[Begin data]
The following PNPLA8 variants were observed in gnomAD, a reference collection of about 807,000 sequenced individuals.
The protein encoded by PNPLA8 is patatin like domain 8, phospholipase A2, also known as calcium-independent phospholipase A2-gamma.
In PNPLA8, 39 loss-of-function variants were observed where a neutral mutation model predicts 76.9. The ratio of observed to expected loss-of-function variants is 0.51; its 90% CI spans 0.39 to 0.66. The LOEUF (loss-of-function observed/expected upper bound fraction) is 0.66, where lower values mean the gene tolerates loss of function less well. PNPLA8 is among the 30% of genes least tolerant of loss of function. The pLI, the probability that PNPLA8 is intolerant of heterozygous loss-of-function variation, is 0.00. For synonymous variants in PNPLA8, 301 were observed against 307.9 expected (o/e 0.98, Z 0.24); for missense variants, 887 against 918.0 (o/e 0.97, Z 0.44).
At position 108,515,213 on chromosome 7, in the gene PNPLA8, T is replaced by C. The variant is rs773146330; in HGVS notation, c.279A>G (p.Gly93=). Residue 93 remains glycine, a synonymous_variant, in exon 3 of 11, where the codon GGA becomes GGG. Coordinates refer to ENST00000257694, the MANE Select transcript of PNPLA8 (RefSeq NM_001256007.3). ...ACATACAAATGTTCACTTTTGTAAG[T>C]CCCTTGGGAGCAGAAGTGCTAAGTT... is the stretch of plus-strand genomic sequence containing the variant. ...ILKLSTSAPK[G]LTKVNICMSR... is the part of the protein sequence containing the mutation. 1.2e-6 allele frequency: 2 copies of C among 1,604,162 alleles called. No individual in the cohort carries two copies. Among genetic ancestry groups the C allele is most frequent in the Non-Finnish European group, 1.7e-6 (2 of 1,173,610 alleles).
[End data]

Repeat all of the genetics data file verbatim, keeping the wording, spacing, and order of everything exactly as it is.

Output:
The following PNPLA8 variants were observed in gnomAD, a reference collection of about 807,000 sequenced individuals.
The protein encoded by PNPLA8 is patatin like domain 8, phospholipase A2, also known as calcium-independent phospholipase A2-gamma.
In PNPLA8, 39 loss-of-function variants were observed where a neutral mutation model predicts 76.9. The ratio of observed to expected loss-of-function variants is 0.51; its 90% CI spans 0.39 to 0.66. The LOEUF (loss-of-function observed/expected upper bound fraction) is 0.66, where lower values mean the gene tolerates loss of function less well. PNPLA8 is among the 30% of genes least tolerant of loss of function. The pLI, the probability that PNPLA8 is intolerant of heterozygous loss-of-function variation, is 0.00. For synonymous variants in PNPLA8, 301 were observed against 307.9 expected (o/e 0.98, Z 0.24); for missense variants, 887 against 918.0 (o/e 0.97, Z 0.44).
At position 108,515,213 on chromosome 7, in the gene PNPLA8, T is replaced by C. The variant is rs773146330; in HGVS notation, c.279A>G (p.Gly93=). Residue 93 remains glycine, a synonymous_variant, in exon 3 of 11, where the codon GGA becomes GGG. Coordinates refer to ENST00000257694, the MANE Select transcript of PNPLA8 (RefSeq NM_001256007.3). ...ACATACAAATGTTCACTTTTGTAAG[T>C]CCCTTGGGAGCAGAAGTGCTAAGTT... is the stretch of plus-strand genomic sequence containing the variant. ...ILKLSTSAPK[G]LTKVNICMSR... is the part of the protein sequence containing the mutation. 1.2e-6 allele frequency: 2 copies of C among 1,604,162 alleles called. No individual in the cohort carries two copies. Among genetic ancestry groups the C allele is most frequent in the Non-Finnish European group, 1.7e-6 (2 of 1,173,610 alleles).